Thursday, June 2, 2011

Interview with Corey Cole

A man that for any serious classic adventure gaming aficionado needs no introduction, Corey Cole, co-creator of the Quest for Glory series, agreed to do an interview with me recently. Corey was a chief programmer throughout the series and co-designed the games with his wife, Lori.

How did you get started at Sierra and how was is working there?

A friend we knew through science fiction conventions did contract animation work for Sierra. She had been in a meeting in which Ken Williams said he wanted an “expert tournament-level dungeonmaster” to create a new RPG for Sierra. Carolly thought of us and arranged a phone interview with Ken. When he asked, “Why should I hire you instead of some other designer?” I mentioned that I was an experienced programmer currently working on an Atari ST project. He immediately invited me to interview... not as a game designer, but as a programmer. After I had been at Sierra about six months, they talked to Lori about designing the game.

Your game was unlike any previous Sierra adventure in that it was an adventure/rpg hybrid. Was there any trouble getting Sierra to green light that project?

Our champion was Guruka Singh Khalsa, Sierra’s first producer. He was hired based on things he had written as a fan. During a green light meeting including us and Guruka, Ken said, “I really don’t understand this game.” Guruka said something like, “It’s going to be a major hit,” and Ken left the meeting saying, “I like this game. It’s going to be a major hit.” It’s possible that Sierra might have cancelled the first game without that support; we’ll never know.

What would you say were your main influences for Quest for Glory?

The combat and skill development system was based on a paper RPG Lori and I ran (“Fantasy Guild”, unpublished). It took a lot of ideas from “Arizona D&D”, a D&D variant Lori had played in Phoenix. Computer game influences included Wizardry and maybe Rogue and Dungeonmaster (to a very small degree). My mantra was to simulate the experience of playing in a paper D&D game with an excellent dungeon master. I also talked about combining the best parts of computer RPG’s and adventure games. Since Sierra’s tools were optimized for adventure games, that made sense.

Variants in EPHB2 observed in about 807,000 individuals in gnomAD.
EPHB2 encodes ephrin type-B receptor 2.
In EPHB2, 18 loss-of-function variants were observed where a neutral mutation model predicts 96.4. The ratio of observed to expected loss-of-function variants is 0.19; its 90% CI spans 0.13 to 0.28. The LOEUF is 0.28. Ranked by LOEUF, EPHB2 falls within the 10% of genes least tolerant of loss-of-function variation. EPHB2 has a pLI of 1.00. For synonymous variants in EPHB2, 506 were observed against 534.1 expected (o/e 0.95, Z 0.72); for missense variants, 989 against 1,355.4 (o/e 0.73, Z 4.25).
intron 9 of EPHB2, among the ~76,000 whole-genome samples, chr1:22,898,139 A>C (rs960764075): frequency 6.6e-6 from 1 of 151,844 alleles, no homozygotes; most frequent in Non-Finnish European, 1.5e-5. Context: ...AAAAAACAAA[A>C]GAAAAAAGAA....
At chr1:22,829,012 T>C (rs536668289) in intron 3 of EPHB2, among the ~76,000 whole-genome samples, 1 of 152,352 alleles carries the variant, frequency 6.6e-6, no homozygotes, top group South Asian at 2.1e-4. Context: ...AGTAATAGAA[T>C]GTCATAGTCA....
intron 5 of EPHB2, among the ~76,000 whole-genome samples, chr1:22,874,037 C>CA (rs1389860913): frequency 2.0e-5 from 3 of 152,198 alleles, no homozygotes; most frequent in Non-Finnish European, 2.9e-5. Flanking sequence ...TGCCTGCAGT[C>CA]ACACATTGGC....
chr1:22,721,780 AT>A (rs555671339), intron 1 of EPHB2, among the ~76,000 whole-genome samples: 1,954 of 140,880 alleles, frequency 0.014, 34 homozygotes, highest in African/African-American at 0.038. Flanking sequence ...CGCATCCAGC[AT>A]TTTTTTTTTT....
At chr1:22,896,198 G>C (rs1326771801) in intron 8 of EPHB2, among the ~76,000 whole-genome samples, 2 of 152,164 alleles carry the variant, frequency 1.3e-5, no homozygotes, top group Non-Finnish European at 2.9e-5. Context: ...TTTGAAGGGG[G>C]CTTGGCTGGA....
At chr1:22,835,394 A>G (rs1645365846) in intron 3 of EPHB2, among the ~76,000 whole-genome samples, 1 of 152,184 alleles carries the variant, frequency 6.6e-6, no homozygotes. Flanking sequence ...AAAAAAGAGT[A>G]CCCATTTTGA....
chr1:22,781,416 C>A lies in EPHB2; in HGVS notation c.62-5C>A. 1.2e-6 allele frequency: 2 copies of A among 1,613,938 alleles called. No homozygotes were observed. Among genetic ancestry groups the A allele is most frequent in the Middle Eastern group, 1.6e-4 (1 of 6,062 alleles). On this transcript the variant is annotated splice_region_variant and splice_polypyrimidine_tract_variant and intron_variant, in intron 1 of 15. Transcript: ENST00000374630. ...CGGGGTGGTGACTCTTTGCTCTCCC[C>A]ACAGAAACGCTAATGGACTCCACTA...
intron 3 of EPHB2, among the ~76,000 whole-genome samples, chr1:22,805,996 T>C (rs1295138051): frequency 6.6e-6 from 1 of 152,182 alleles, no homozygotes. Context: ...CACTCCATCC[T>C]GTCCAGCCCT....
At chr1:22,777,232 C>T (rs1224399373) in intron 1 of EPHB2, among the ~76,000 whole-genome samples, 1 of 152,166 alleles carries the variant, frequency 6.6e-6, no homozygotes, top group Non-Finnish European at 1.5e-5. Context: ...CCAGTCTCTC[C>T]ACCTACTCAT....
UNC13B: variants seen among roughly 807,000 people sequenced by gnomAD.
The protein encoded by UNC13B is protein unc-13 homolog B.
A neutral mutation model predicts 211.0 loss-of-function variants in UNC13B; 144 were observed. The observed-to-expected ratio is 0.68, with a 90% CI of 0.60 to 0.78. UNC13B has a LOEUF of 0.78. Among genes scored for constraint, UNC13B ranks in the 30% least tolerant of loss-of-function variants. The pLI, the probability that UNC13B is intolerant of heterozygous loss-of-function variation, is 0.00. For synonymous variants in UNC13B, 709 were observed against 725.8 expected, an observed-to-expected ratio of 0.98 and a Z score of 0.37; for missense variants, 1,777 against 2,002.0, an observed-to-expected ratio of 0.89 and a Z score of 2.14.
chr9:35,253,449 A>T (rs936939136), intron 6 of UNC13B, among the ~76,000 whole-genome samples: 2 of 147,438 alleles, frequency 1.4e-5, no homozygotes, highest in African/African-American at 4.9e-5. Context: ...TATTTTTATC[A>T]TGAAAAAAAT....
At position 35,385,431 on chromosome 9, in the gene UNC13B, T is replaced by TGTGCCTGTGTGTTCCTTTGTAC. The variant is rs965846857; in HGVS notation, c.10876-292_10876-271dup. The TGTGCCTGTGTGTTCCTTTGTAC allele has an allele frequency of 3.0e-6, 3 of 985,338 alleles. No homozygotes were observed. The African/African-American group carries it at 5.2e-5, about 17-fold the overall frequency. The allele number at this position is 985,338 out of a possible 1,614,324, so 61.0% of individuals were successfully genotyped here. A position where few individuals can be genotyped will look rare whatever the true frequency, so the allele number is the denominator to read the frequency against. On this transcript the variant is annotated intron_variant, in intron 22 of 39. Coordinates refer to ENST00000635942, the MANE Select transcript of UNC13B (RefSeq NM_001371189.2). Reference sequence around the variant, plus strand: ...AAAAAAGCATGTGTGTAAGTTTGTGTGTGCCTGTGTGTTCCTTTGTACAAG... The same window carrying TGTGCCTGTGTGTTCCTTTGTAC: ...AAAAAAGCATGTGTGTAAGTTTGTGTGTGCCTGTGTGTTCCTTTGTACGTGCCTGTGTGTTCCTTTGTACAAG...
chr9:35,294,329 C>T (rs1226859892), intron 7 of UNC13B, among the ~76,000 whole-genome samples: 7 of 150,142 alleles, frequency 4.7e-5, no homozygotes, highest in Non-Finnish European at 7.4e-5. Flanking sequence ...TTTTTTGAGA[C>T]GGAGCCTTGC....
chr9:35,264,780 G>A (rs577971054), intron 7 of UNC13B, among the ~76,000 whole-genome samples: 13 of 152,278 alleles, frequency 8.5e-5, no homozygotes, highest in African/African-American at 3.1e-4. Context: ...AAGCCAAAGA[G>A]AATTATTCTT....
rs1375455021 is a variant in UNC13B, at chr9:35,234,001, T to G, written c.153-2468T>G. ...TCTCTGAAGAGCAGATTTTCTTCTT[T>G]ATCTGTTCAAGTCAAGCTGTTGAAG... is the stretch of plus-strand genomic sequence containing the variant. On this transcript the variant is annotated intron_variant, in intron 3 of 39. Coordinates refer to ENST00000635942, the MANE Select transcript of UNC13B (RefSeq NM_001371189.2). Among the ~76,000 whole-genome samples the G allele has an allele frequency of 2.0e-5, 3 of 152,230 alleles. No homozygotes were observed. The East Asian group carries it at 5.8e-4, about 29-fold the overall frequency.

Do you play current any current rpg's? Have computer rpg's gone in a direction you expected?

I play World of Warcraft to the level of addiction. I haven’t played any recent computer RPG’s. We still get together with friends a few times a year to play AD&D 2nd edition, but I’m finding it less involving than I used to... I’ve replaced it with WoW. When people ask if we’ve thought about doing a Quest for Glory MMO, the answer is of course, “Yes,” but at this point we really feel that WoW is the MMO we would have hoped to make – It really exceeds expectations.

What do you think it would take to spark an adventure game renaissance?

Hard to say. Players are different today and much less patient. In the early CRPG days, players had to make their own maps on graph paper. Nobody would stand that today, but other aspects of adventures are almost as painful. The worst, in my mind, are puzzles that can only be solved by reading a walkthrough on the Internet. People used to buy hint books for this, but to me it’s just bad game design. So a start would be well designed, less frustrating games.